Hannais a frenetic action film set to a pulsating soundtrack of bullets and the Chemical Brothers’ buzzsaw industrial music. It is loaded with good ideas and intriguing subplot tangents, all of which fall flat. Even the pairing of Saoirse Ronan and CateBlanchett, two actresses almost always worth watching, fails to amount to much. Director Joe Wright, who made such a great film with Atonement, here very badly botches the job. He has no feel for action, with no rush of danger or urgency to the plot, and an unnecessarily hyperactive style that seems to hinge on how many shots he can fit into one of his flashy thrill sequences; it’s irritating rather than exciting.
Hanna has been raised all her life in a snowy forest near the North Pole. Ronan is almost unrecognizable in this role, with shockingly white hair and eyebrows and shiny skin; only her blue eyes give her away. Her dad, Eric Bana, has mercilessly trained her to become a fighting agent and polyglot; “think on your feet, even when you’re sleeping” is one of the mantras they repeat to each other. This premise of wild girl unleashed on the world is not exactly original, but it has an intriguing angle to it – it’s not often it’s a female in the lead role for this genre, and almost never (as far as I can recall) one as young as Ronan.
Bana informs her one day that he has kept buried in the snow a transponder which, if switched on, will alert the powers that be to their whereabouts. He tells his daughter that, whenever she is ‘ready’, she may flick the switch, they will both go on the run, and meet up later in Berlin. This justification, which after all is the reason for everything that comes after in the film, will strike many as ludicrous: it’s only the first of many times Hannafails to connect the dots. Why papa wouldn’t have thrown this away years ago is a mystery, as is the idea they would recklessly endanger both their lives to hunt down CateBlanchett’s slippery alligator of a character Marissa Wiegler. But wait, how do they know she’ll even be interested in them after all these years? It is revealed in a flashback that the last time she encountered Hanna was when she was a baby.
From here the film jumps to Morocco, where Ronan is locked up in a high-security base beneath the desert. Why a military team would take her to Morocco of all places remains a mystery, but of course she escapes and is lucky enough to hitch a ride with a family that just happens to be driving through the desert at the same time. You can often accuse thrillers of inserting unnecessary characters who exist only to further plot; well, this is a whole family to fill that purpose. They never rise above the caricature level and spout pointless dialogue like how lipstick is meant to evoke the color of the labia. For a while, we get the feeling the film is trying to combine a hard-boiled thriller with screwball comedy.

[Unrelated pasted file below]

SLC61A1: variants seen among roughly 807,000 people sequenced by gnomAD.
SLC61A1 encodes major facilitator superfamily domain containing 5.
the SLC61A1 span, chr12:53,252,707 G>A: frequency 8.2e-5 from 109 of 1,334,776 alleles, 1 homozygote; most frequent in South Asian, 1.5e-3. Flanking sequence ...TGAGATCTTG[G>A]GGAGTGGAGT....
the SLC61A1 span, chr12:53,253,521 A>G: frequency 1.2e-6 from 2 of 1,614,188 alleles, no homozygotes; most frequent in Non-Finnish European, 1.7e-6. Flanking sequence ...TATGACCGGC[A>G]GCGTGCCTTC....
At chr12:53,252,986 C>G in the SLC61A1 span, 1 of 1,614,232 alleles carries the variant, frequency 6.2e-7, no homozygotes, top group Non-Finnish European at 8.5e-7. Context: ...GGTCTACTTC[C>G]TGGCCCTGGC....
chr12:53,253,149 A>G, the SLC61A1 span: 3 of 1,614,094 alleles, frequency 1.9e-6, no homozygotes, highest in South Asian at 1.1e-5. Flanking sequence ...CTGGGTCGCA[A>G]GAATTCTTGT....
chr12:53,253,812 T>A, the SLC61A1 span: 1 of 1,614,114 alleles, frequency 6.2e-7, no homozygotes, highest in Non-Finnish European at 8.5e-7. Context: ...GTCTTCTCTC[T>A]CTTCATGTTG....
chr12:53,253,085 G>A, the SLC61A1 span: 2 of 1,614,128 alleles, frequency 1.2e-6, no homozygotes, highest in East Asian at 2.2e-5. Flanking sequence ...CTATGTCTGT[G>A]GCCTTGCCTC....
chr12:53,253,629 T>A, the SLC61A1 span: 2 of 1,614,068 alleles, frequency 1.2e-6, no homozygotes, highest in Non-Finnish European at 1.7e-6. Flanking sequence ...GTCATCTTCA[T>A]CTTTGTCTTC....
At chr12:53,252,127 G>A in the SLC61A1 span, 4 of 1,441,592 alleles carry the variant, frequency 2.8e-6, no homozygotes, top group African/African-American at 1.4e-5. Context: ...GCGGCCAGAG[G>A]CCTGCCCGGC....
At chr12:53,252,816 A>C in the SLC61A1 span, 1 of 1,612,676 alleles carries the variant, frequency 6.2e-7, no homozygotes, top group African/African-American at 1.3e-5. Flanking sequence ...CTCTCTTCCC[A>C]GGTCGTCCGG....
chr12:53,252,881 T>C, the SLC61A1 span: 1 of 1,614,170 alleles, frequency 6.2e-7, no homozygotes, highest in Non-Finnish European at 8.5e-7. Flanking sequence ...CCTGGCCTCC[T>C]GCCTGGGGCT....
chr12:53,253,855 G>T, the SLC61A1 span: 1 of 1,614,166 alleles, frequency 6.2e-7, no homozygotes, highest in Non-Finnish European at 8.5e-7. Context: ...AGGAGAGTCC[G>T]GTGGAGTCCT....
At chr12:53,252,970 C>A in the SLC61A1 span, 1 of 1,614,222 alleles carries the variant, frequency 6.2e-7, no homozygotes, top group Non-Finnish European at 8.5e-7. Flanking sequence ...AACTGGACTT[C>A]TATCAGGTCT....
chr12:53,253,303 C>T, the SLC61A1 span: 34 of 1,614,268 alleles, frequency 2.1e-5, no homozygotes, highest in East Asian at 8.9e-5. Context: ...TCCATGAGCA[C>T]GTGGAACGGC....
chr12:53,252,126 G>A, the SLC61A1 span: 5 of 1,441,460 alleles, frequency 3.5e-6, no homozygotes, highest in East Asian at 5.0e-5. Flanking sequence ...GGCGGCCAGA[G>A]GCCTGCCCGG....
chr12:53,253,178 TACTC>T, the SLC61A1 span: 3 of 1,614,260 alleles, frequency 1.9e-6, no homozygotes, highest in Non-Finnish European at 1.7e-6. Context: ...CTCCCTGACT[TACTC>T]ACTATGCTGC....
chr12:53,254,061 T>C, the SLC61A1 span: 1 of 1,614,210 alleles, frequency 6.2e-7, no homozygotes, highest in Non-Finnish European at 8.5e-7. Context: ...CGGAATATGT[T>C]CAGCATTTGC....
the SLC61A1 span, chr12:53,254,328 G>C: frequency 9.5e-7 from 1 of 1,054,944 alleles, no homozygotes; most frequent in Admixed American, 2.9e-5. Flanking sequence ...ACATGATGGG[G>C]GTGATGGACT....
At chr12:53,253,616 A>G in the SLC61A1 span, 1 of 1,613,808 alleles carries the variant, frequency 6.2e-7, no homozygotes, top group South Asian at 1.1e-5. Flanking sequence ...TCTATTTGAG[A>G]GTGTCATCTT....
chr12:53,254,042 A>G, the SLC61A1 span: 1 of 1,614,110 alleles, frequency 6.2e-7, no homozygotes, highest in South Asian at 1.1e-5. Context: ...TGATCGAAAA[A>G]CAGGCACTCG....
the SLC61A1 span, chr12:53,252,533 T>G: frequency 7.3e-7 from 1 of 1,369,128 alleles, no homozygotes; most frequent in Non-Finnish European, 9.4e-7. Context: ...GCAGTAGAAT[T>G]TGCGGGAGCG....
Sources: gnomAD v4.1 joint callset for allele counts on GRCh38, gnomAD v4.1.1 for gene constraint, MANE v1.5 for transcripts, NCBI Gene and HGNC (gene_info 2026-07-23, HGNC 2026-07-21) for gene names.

Hanna, meanwhile, has her innocent eyes opened to the modern world for the first time, and impresses a hotel owner with her command of Arabic. The splattering of foreign languages here is a highlight; it has a sort of InglouriousBasterdsvibe about it, with Blanchett twisting her tongue around German and Tom Hollander, playing another bad guy,having some funstrutting around speaking French. Amongst the new things Hanna experiences are, suspiciously, electricity and television. Would her father, in training her to blend in with a back-story and multi-lingual fluency as the ultimate assassin, really have neglected to explain to her these inventions? She makes friends with the family’s daughter, played by Jessica Barden, and perhaps begins to wonder if this assassin thing is really worth it.
But it’s too late for that; Blanchett has her goons out in force after her, including a sadistic German bar owner she used to work with – though if this is really the best US special forces can do, it’s a wonder they manage to find Hanna in the first place. At one stage they follow the car she’s stowed away in until it reaches a depot full of containers, as if they were just waiting for the right place to stage an action sequence before striking. They’re chasing daddy, too, and Bana gets a martial arts scene in a subway station that is far too much like The Matrixfor its own good. It’s never even clear what exactly Blanchett wants to do with Hanna, whether it’s kill her off or adapt her genetically-enhanced DNA for her own good; this only compounds the failure of the story to clearly define its own characters and address some gaping credibility gaps.
The film moves locations from Morocco to Spain and then Germany (how did they manage to get there without going through France?) and the location work is blandness personified. There’s no sense of place in this film, essential for an international thriller, and all the locales are lacking in verisimilitude. It’s like what commercial Hollywood at its most crass imagines other countries to be like, a samey montage with no real difference between one place and the next. Except that Joe Wright is English! It just doesn’t make any sense. Nor does Hanna. It’s kind of cool to see Ronan kick ass, but she’s yet to find a really great role that truly capitalizes on her talent. Not to worry. She has her whole career ahead of her. As for this, most involved would be wise to forget it.